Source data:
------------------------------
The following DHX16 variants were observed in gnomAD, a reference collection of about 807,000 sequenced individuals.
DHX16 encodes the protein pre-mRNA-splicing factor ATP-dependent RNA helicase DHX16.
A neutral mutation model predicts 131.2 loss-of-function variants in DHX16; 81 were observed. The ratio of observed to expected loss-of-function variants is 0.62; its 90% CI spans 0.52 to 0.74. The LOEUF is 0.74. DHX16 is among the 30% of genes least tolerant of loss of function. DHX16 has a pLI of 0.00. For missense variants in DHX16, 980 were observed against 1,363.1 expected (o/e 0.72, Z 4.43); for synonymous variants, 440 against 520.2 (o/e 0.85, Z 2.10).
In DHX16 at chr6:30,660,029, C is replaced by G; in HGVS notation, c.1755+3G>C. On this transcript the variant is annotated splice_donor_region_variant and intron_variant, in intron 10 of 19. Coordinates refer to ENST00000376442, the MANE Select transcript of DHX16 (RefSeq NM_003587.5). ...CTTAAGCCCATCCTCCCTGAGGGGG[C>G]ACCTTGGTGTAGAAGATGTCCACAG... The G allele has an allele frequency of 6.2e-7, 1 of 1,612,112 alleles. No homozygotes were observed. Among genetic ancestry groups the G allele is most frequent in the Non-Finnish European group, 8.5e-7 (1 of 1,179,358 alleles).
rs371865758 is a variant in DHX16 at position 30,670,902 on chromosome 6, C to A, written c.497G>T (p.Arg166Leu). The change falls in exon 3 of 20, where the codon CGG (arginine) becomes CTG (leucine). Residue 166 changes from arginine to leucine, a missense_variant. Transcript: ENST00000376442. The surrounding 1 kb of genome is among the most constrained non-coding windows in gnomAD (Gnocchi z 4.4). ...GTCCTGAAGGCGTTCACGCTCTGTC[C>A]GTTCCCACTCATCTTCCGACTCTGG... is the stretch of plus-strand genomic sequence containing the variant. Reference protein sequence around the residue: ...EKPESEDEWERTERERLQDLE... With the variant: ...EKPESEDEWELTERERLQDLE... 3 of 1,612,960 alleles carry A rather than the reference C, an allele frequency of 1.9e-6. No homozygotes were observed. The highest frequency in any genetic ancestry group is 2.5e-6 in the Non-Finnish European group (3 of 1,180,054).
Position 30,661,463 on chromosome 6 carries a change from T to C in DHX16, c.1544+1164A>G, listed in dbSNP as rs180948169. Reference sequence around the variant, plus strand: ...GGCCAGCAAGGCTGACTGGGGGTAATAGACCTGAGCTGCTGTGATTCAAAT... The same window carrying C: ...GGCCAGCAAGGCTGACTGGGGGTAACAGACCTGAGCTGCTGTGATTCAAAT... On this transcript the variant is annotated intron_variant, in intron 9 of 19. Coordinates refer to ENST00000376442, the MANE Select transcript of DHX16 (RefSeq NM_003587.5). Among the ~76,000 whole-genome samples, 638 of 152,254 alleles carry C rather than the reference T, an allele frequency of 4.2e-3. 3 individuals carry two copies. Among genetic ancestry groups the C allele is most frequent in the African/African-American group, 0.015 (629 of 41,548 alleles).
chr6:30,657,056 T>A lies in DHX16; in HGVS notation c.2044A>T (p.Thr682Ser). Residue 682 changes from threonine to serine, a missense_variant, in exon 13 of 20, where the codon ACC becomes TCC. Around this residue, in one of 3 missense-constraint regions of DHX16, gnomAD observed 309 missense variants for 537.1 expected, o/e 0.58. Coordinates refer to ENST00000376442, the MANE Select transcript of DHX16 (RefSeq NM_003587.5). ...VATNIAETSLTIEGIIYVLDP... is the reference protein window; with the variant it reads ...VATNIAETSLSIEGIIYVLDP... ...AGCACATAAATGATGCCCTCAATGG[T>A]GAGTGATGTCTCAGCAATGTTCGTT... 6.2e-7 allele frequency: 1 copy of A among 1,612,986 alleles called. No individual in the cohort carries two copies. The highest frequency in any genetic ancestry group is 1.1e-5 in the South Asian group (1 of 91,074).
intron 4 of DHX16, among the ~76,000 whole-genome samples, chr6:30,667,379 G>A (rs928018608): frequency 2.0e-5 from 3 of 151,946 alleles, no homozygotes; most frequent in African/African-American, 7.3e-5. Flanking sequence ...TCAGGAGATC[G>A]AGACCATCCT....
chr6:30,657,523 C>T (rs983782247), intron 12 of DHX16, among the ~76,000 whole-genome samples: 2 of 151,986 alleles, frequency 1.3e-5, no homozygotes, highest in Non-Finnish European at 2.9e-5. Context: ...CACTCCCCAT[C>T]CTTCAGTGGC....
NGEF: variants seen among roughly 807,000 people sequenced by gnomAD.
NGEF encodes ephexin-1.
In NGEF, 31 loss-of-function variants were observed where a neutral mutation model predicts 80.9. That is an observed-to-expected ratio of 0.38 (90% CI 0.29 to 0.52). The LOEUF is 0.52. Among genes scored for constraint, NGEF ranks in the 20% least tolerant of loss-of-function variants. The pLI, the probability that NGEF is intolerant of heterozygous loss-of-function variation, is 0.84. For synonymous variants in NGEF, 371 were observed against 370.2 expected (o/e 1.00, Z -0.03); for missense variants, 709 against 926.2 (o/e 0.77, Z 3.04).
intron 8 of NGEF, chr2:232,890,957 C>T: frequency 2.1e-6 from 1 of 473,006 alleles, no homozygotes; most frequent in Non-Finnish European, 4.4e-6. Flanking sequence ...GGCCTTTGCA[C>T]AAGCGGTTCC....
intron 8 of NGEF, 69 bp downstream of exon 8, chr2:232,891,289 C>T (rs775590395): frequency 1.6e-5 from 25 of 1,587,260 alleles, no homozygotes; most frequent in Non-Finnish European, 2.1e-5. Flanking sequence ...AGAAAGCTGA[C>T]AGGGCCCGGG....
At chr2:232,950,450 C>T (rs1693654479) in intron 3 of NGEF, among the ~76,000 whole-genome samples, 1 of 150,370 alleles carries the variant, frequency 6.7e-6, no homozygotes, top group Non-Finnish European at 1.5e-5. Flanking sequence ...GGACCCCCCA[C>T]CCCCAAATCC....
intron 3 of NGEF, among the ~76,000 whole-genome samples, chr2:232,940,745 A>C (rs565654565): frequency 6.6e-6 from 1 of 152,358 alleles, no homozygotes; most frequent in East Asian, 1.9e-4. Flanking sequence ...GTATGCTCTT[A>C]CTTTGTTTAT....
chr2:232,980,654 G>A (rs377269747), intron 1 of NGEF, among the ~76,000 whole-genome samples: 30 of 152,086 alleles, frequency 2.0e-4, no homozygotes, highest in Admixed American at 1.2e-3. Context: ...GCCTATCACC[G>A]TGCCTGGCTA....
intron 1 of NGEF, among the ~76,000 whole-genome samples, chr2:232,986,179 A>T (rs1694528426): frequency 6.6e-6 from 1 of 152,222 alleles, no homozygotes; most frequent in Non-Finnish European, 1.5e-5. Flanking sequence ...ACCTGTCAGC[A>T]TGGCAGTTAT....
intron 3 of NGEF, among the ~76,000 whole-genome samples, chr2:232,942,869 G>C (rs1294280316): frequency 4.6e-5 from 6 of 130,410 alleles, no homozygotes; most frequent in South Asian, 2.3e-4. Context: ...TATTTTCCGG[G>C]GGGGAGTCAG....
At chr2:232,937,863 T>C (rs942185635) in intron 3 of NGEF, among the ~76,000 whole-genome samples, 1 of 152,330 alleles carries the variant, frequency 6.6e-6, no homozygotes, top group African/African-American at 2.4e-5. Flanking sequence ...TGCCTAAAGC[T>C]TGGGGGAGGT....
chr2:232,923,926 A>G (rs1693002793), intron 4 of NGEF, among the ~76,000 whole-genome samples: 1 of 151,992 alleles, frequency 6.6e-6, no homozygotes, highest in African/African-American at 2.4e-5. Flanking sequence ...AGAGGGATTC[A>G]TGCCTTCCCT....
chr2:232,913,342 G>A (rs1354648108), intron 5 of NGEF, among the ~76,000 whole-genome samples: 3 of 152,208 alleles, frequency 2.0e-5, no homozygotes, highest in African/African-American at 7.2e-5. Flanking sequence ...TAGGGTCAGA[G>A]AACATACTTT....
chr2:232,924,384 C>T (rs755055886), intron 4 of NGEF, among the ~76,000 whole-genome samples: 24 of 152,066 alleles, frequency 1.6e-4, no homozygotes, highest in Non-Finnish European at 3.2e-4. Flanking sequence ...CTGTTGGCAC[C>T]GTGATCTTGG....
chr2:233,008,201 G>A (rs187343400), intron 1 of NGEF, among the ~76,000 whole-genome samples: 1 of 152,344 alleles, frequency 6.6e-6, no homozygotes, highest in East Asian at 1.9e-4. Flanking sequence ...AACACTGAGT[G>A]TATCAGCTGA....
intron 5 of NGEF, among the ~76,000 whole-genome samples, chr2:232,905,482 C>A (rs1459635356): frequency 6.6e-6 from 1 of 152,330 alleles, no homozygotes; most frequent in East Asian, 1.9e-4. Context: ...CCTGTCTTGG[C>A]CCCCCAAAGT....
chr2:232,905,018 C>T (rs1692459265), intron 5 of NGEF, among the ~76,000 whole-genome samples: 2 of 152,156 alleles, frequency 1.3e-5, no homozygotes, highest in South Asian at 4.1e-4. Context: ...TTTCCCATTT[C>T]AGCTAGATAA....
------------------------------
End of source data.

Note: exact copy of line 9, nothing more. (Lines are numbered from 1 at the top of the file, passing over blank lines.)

chr6:30,657,523 C>T (rs983782247), intron 12 of DHX16, among the ~76,000 whole-genome samples: 2 of 151,986 alleles, frequency 1.3e-5, no homozygotes, highest in Non-Finnish European at 2.9e-5. Context: ...CACTCCCCAT[C>T]CTTCAGTGGC....